• Private foundations: Like a nonprofit, private foundations have a mission and strategy. They’re required to give away money equal to 5% of their assets annually. This is because the government expects foundations to use their money to do good for society. Private foundations can only fund tax-exempt organizations. They must file a 990 PF, which stands for 990 profit foundation.
  • Family foundations: Funded by contributions from individual benefactors or families. Small family foundations are often staffed by an attorney or gatekeeper. Family foundations often don’t solicit proposals.
  • Community foundations: Funded by contributions from numerous individuals and families. They often limit grants to their community, and they’re frequently made up of a pool of Donor Advised Funds (DAFs)

Donor-Advised Funds

Donors get tax benefits to invest their assets in a fund. That fund is allowed to grow but remains earmarked for charitable contributions. The funds usually have a low operating expense, but unlike a private foundation, there is no requirement for when to distribute funds.

How to Find Technology Grants for Your Nonprofit

When conducting prospect research for grants, you need to narrow down your search to those grants that you have the best chance of receiving. The best way to narrow your focus is to figure out which funders best match your needs. To improve your chances of success, ask yourself the following questions before you start:

  • Even though we’ve already confirmed our eligibility, does our program/project align with the funder’s current area of interest or desired profile?
  • Where will my program/project have an impact? vs. Where we are located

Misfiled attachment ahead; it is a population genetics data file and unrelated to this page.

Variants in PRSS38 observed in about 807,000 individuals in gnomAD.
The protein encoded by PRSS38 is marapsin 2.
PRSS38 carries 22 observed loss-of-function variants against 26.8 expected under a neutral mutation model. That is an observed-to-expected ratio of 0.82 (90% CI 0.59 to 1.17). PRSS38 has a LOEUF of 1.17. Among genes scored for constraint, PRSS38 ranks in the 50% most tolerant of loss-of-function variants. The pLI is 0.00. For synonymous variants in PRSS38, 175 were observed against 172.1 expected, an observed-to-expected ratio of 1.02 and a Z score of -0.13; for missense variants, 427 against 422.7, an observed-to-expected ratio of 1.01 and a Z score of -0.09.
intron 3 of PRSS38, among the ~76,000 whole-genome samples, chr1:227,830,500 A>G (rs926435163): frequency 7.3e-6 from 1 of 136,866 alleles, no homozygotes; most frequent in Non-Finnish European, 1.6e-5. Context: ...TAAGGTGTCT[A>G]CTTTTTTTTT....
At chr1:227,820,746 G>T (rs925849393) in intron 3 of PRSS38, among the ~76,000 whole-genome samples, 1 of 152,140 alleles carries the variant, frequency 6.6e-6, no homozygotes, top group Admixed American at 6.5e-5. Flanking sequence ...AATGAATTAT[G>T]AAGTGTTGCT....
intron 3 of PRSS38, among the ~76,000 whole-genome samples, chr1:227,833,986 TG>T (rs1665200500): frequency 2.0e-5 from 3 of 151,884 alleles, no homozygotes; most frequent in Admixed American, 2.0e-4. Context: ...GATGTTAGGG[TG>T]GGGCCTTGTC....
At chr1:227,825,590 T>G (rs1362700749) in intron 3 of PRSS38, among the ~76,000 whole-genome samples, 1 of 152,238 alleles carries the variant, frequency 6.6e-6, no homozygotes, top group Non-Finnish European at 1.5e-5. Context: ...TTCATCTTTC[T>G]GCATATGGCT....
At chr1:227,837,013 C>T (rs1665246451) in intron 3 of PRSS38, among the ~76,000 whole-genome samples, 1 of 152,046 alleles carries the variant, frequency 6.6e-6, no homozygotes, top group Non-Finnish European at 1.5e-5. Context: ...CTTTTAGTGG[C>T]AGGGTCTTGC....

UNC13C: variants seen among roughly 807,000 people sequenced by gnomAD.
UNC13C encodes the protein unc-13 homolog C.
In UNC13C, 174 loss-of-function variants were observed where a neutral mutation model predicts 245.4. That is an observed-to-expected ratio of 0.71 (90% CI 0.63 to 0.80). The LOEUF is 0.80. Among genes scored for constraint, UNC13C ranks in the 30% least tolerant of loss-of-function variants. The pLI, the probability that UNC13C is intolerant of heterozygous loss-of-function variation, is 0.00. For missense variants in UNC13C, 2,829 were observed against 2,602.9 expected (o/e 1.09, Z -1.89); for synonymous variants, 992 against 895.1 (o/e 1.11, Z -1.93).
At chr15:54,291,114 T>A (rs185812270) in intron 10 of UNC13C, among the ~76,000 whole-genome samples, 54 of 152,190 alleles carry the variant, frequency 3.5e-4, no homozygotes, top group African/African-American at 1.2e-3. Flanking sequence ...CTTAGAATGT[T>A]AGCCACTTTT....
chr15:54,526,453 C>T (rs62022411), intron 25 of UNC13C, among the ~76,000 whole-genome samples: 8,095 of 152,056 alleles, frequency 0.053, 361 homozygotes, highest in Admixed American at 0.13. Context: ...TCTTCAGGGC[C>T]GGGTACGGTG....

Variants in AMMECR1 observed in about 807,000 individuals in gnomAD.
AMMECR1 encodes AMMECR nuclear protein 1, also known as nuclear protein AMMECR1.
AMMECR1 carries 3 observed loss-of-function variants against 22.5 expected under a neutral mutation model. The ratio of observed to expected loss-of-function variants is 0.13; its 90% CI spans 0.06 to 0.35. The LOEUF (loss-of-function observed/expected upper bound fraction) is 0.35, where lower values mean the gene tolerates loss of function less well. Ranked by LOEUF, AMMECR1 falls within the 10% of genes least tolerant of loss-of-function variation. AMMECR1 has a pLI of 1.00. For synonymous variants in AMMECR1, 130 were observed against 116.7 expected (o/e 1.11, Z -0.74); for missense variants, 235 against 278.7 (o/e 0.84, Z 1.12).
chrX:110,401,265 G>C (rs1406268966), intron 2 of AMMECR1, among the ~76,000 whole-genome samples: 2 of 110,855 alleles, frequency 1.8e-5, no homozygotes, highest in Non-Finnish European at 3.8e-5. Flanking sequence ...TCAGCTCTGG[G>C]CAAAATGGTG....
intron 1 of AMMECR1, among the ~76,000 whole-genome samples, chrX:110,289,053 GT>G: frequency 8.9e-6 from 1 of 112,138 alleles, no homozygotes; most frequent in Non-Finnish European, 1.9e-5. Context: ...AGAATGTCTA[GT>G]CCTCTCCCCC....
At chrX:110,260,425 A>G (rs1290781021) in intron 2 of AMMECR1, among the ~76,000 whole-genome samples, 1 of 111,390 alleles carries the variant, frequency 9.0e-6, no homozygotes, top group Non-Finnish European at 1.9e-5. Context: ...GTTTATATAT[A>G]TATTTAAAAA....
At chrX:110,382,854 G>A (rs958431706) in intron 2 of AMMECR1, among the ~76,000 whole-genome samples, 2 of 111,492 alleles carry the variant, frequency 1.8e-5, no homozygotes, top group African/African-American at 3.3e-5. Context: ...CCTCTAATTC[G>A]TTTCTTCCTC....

• Does the average grant size fit my need?
  • Will we be required to match the grant? If so, by what percentage?
  • Are we confident we can “find our match”?
  • Are funds paid upfront or is it a reimbursement grant?
  • Look at the application timeline. Grant funds can take 6 to 9 months to acquire. Will the dollars come in time for our need?
  • Are there restrictions (i.e. faith-based, no transport, etc.)?

Writing a Compelling Application

When it comes to operating cost versus program, funders often choose programs. This is because usually programs focus on the change you are trying to achieve and those narratives are more compelling. We share some tips for how to frame your project with a compelling narrative in our Checklist for a Compelling Tech Grant Application, below

When it comes to your application, don’t focus on what the features can do or your clear need for them. Your best bet is to make your website a central tenet of your outreach, or of a specific program or project. As you work to reposition your proposal, make sure to set clear goals.

For example, avoid writing explanations like: 

“Students in our after-school tutoring program need internet-connected devices because so many teachers assign online homework,”


Instead, you can rewrite the activity as a quantifiable goal: 

“We want to double the capacity of our tutoring programs to help students with both online and offline homework.”


If you can’t quantify the goal, you can still define a successful outcome: 

“We want to improve students’ reading fluency and track their progress towards a reading drive by providing them with internet-connected e-readers in our after-school tutoring program.”

Any proposal you submit must specify a clear outcome in terms of what success is and what it looks like. This makes it easier to write your grant applications and easier for funders to fund you because they recognize that your request has a clear beginning, middle, and end for their funding goals.

There are also great resources out there for conscientious language use as well as discussions of what makes for ethical storytelling.  Grant writing isn’t about fawning on philanthropists; language choices can uphold harmful systems of oppression, or they can further anti-racist, community-centric principles.